noun, plural ro·mans [raw-mahn] /rɔˈmɑ̃/. French.
Definition for roman (2 of 2)
Origin of Roman
Examples from the Web for roman
His words apply not only to the Roman Curia at the Vatican but to the entire Church throughout the world.Pope Francis Denounces the Vatican Elite’s 'Spiritual Alzheimer’s'|Barbie Latza Nadeau|December 23, 2014|DAILY BEAST
In a tiny, remote Chinese village, an ancient Roman bloodline may live on.
One green-eyed man, nicknamed “Cai the Roman,” became an instant celebrity due to his decidedly Roman physical characteristics.
The story (and some DNA evidence) goes, the locals are the descendants of a band of Roman soldiers from 36 B.C.
But so far, the lack of proven Roman artifacts or ruins in the town has raised suspicions.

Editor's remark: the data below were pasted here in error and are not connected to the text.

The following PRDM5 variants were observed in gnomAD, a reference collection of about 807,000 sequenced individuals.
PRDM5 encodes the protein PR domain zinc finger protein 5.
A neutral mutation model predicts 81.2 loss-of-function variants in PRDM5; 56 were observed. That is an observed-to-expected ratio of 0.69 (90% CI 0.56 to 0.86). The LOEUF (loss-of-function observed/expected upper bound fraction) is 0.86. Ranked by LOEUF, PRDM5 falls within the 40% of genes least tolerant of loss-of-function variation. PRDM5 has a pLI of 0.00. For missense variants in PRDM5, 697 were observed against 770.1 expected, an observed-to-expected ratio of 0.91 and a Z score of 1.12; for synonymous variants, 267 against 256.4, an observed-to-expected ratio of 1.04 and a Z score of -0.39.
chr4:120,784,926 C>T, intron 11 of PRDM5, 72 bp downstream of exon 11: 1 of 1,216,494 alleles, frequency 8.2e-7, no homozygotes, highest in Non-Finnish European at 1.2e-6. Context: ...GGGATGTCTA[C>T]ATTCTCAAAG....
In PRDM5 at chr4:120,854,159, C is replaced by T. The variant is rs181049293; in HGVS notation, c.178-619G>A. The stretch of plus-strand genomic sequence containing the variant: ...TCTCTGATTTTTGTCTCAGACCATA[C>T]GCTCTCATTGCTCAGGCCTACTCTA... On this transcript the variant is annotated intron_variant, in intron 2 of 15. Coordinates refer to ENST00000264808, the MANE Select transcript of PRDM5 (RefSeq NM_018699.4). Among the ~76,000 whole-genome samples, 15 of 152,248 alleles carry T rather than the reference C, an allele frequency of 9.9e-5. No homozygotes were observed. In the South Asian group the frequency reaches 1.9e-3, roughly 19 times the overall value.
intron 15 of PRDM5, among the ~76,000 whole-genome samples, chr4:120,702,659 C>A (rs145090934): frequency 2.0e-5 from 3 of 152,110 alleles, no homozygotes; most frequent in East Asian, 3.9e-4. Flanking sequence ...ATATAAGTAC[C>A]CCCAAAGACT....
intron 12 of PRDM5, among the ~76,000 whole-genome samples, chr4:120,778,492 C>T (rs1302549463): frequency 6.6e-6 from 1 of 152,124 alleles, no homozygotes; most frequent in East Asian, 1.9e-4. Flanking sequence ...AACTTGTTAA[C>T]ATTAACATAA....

Singleton had brought out something rolled in a scarf of Roman silk.The Messenger|Elizabeth Robins
The Roman conquest accelerated the decline in severe taste, when different orders began to be used indiscriminately.Beacon Lights of History, Volume III|John Lord
In many large pieces Roman tesselated pavements have been copied, which have produced a very rich effect.
Like the Roman or English law, they contained innumerable particulars.Laws|Plato
"Nay, she will be under a different and a harsher master," said the Roman.The Last of the Legions and Other Tales of Long Ago|Arthur Conan Doyle
British Dictionary definitions for roman (1 of 3)
Word Origin for roman
British Dictionary definitions for roman (2 of 3)
British Dictionary definitions for roman (3 of 3)
Idioms and Phrases with roman
see when in Rome do as the Romans do.